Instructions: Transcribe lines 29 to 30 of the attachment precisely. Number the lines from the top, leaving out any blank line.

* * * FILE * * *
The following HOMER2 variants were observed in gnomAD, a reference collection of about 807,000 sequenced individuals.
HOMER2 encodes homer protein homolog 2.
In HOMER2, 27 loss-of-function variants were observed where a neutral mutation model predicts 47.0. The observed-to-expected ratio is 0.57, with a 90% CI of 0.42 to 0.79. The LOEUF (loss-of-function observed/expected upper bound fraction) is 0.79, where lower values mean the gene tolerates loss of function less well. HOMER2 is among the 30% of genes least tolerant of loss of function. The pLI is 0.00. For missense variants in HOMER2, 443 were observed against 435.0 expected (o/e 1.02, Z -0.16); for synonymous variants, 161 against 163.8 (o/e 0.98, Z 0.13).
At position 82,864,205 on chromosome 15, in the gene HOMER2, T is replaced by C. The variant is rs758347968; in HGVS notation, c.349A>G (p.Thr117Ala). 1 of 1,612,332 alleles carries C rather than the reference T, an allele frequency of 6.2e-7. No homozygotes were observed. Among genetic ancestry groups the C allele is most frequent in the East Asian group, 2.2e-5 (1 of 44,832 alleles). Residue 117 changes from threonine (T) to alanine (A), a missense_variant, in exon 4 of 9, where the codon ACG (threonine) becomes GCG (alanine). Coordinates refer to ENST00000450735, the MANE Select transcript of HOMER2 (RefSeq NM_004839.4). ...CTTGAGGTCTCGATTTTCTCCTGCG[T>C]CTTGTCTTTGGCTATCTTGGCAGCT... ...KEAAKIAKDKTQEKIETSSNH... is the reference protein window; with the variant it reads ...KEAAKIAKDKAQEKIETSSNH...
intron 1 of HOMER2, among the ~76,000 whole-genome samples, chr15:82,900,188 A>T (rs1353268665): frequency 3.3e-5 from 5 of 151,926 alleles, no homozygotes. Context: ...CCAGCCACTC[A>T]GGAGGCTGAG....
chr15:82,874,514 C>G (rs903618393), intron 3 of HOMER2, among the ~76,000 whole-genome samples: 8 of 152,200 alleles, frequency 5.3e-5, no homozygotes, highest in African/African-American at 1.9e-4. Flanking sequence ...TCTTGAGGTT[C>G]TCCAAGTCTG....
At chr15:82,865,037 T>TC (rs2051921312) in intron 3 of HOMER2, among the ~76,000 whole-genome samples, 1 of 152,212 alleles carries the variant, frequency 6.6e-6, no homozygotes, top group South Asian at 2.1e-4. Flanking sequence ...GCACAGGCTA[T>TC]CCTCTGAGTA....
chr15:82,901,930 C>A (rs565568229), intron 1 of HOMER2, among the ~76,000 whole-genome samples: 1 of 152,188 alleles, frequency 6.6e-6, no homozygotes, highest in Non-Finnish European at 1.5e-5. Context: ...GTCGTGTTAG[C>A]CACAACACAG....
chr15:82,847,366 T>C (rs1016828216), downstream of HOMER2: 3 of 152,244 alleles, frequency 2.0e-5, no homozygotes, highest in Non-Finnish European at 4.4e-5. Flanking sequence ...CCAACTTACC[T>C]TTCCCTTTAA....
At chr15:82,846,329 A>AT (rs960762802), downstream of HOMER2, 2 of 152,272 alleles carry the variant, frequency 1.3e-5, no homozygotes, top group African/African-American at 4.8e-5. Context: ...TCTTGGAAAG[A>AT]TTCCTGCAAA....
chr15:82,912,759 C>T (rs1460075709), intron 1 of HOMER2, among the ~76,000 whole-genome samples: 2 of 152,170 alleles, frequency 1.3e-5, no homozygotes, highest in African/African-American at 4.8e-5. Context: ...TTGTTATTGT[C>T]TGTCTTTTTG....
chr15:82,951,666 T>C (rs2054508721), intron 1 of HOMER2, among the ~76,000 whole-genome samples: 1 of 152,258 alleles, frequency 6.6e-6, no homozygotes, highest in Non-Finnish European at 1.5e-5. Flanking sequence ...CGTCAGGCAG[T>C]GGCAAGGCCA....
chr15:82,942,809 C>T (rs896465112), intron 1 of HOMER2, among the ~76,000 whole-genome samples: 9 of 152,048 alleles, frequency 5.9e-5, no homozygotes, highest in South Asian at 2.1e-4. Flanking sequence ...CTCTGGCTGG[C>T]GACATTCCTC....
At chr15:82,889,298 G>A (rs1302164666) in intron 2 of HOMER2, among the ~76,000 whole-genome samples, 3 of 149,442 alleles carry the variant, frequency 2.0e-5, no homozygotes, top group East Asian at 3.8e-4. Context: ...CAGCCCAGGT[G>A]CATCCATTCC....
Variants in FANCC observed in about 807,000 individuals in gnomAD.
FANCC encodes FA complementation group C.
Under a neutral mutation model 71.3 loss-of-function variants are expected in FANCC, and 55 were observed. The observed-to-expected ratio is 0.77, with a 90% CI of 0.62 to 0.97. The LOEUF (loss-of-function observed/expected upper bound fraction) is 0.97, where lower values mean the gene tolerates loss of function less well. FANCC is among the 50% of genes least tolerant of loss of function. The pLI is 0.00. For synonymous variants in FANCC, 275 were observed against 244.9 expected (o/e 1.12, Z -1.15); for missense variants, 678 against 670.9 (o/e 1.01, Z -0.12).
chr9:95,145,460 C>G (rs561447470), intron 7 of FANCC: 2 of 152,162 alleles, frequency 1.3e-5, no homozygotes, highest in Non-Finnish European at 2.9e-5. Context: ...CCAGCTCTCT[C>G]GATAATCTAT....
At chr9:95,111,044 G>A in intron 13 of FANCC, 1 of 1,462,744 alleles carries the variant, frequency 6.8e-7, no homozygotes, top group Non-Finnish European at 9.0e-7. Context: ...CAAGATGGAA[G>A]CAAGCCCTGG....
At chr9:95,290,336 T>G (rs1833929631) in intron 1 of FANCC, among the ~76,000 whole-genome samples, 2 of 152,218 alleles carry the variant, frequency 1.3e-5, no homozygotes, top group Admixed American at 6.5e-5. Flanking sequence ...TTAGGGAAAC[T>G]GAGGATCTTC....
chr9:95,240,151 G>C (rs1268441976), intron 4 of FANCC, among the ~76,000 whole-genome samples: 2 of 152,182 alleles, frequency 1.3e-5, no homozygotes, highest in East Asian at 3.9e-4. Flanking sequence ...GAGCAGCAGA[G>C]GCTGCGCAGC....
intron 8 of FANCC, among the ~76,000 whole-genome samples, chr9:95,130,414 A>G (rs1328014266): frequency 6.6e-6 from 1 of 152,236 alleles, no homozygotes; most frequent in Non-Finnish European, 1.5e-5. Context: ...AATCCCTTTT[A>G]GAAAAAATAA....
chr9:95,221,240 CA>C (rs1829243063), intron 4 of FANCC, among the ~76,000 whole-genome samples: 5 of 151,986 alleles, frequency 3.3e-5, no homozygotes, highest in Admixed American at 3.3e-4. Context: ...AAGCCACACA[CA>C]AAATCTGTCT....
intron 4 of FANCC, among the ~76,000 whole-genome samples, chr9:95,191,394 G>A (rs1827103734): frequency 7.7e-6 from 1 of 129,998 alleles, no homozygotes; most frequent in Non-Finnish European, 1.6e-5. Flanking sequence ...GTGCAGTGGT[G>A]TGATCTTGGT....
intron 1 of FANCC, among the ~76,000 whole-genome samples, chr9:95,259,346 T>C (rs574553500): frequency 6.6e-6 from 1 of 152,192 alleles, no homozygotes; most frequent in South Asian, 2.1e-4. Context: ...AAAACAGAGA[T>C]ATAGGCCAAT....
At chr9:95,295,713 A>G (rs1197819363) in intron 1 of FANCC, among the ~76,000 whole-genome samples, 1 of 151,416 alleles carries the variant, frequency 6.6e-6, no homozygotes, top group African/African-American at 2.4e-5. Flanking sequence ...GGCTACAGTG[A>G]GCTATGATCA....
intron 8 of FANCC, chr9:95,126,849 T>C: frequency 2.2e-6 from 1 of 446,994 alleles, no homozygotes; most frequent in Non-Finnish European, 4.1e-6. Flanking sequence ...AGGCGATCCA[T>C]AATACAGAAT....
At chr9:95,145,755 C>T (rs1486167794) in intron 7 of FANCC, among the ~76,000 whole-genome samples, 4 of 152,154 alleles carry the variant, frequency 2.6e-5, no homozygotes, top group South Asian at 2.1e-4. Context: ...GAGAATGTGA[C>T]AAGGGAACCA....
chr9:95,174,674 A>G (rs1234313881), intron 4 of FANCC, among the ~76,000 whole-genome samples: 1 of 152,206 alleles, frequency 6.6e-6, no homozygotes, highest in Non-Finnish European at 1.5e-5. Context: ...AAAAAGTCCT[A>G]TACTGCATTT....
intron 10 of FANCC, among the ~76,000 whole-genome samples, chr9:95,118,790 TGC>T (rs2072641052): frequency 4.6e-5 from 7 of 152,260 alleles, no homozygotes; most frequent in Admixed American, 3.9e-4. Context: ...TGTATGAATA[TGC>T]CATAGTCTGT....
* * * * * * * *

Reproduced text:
chr9:95,174,674 A>G (rs1234313881), intron 4 of FANCC, among the ~76,000 whole-genome samples: 1 of 152,206 alleles, frequency 6.6e-6, no homozygotes, highest in Non-Finnish European at 1.5e-5. Context: ...AAAAAGTCCT[A>G]TACTGCATTT....
intron 10 of FANCC, among the ~76,000 whole-genome samples, chr9:95,118,790 TGC>T (rs2072641052): frequency 4.6e-5 from 7 of 152,260 alleles, no homozygotes; most frequent in Admixed American, 3.9e-4. Context: ...TGTATGAATA[TGC>T]CATAGTCTGT....